height of those displayed when 256 bytes are displayed.
One of the main advantages of mapping main memory directly into the monitor or TV raster is the ability to manipulate the display using the normal instruction set. In systems that employ an external frame buffer for refresh, specialized instructions are required to change the buffer contents. The buffer memory also costs more money. With the refresh buffer approach toward animation, you must store two picture patterns in memory and alternately transfer them to the buffer memory. Using the Pixie graphics display described here, you store the same two-picture patterns in memory but you need only change the initial value of R0 to alternately display them. Not only do you save the cost of a refresh buffer, you can greatly simplify the programming.
Construction. The Pixie circuit can be mounted on the original Elf board by relocating the crystal and two capacitors to the center of the board. Now the 1861 IC goes on the upper left of the board, and the output jack on the rear apron of the chassis.
Remove the crystal from the Elf and wire the Fig. 2B frequency divider to pin 1 of the 1802 µP. Then interconnect the two boards exactly as shown in Fig. 2A and B, including the power lines. Jack J1 can be mounted on a small metal bracket and secured to the add-on board with No. 4 machine hardware. Also, mount R1 and R2 on the add-on board via "flea" clips because they may have to be changed for different-value resistors to suit the modulation requirements of the particular monitor you are using.
Sample Display Program. To test the Pixie, load the program given in Table I, starting at location M(0000). When this program is run, a random spot pattern should be displayed on-screen. At this time, you may have to alter the values of R1 and R2 to produce a tight sync lock and the desired modulation level of the spots. These are only level-adjust resistors and play no role in the actual sync or video production. The displayed pattern represents whatever is stored in the Elf's memory. The top eight rows represent the program given in Table I.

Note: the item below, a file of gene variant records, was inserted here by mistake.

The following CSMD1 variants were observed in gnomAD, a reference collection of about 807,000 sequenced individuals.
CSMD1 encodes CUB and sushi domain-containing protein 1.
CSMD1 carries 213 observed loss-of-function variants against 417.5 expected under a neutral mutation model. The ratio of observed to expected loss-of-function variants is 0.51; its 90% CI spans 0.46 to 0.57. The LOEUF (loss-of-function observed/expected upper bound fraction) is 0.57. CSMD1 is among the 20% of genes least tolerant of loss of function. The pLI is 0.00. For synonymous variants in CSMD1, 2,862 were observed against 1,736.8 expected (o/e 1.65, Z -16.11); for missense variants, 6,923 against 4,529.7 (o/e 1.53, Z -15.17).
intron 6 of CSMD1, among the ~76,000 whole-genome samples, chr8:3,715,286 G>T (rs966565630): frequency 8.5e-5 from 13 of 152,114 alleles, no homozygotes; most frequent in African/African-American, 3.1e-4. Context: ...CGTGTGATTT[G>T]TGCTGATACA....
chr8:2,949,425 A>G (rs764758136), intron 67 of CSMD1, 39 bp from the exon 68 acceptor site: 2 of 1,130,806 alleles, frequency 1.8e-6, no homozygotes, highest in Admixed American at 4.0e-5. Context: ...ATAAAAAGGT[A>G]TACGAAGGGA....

You can familiarize yourself with the new graphics ability of your computer if you visualize a grid of 64 boxes wide by 32 boxes deep, assuming a 256-byte memory. Bear in mind that the operating program given in Table I occupies the top eight lines. Since the program ends at memory location M(003B), load 00 into memory location M(003F) to complete that line.
Now, to display the spacecraft shown in the lead photo, load the programs given in Tables Iand II in that order, starting the Table II program at memory location M(0040). Reset and switch to RUN.
If you wish to create your own display, Fig. 3 illustrates how to arrive at the correct hex digits. (In this case, the example used is for a small area of the program in Table II.) Use graph paper to "draw" your picture, shading in the "spots" you want to be white on the CRT screen. Then transfer the line bit pattern into the eight hex bytes per line as shown in Fig. 3.
Conclusion. The Pixie system described here adds video graphics to your Elf microcomputer at very low cost. So far, we have described how the Pixie system can be used to put simple, stationary images on-screen. Accompanying this article is a program that will put the graphics in motion. [Part 4A]